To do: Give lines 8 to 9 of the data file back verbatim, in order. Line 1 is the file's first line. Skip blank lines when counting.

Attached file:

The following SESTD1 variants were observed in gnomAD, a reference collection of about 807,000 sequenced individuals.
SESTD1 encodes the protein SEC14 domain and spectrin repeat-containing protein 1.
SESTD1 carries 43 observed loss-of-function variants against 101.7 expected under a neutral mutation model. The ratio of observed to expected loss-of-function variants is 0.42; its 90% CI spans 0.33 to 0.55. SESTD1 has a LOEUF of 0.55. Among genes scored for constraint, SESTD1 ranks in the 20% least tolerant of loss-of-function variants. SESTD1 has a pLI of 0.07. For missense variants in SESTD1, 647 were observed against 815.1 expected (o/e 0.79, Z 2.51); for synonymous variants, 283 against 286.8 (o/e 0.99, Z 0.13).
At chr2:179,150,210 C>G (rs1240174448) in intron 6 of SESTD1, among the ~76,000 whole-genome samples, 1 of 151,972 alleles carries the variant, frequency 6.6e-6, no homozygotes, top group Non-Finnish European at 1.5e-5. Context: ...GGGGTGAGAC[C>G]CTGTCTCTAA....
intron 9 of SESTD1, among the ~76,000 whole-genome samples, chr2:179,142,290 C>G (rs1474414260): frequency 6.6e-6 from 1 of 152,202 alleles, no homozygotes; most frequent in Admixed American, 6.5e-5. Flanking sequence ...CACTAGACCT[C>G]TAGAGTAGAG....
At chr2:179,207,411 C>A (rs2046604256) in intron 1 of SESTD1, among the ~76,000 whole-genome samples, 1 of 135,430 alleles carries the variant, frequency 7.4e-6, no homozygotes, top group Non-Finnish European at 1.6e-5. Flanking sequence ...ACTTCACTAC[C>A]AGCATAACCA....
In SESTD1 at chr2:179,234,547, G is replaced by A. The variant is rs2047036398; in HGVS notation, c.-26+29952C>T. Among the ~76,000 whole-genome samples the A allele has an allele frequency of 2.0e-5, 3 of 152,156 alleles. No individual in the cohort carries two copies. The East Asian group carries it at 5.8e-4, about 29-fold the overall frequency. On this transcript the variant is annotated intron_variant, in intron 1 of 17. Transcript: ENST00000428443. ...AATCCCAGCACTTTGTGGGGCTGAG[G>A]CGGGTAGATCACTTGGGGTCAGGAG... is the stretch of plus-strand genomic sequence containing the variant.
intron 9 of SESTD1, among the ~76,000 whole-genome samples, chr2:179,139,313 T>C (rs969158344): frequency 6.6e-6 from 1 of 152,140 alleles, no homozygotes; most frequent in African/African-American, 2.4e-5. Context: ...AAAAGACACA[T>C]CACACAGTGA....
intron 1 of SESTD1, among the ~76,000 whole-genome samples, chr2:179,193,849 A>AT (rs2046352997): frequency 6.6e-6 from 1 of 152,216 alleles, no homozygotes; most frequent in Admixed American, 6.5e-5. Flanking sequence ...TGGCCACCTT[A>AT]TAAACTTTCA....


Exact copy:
intron 9 of SESTD1, among the ~76,000 whole-genome samples, chr2:179,139,313 T>C (rs969158344): frequency 6.6e-6 from 1 of 152,140 alleles, no homozygotes; most frequent in African/African-American, 2.4e-5. Context: ...AAAAGACACA[T>C]CACACAGTGA....
intron 1 of SESTD1, among the ~76,000 whole-genome samples, chr2:179,193,849 A>AT (rs2046352997): frequency 6.6e-6 from 1 of 152,216 alleles, no homozygotes; most frequent in Admixed American, 6.5e-5. Flanking sequence ...TGGCCACCTT[A>AT]TAAACTTTCA....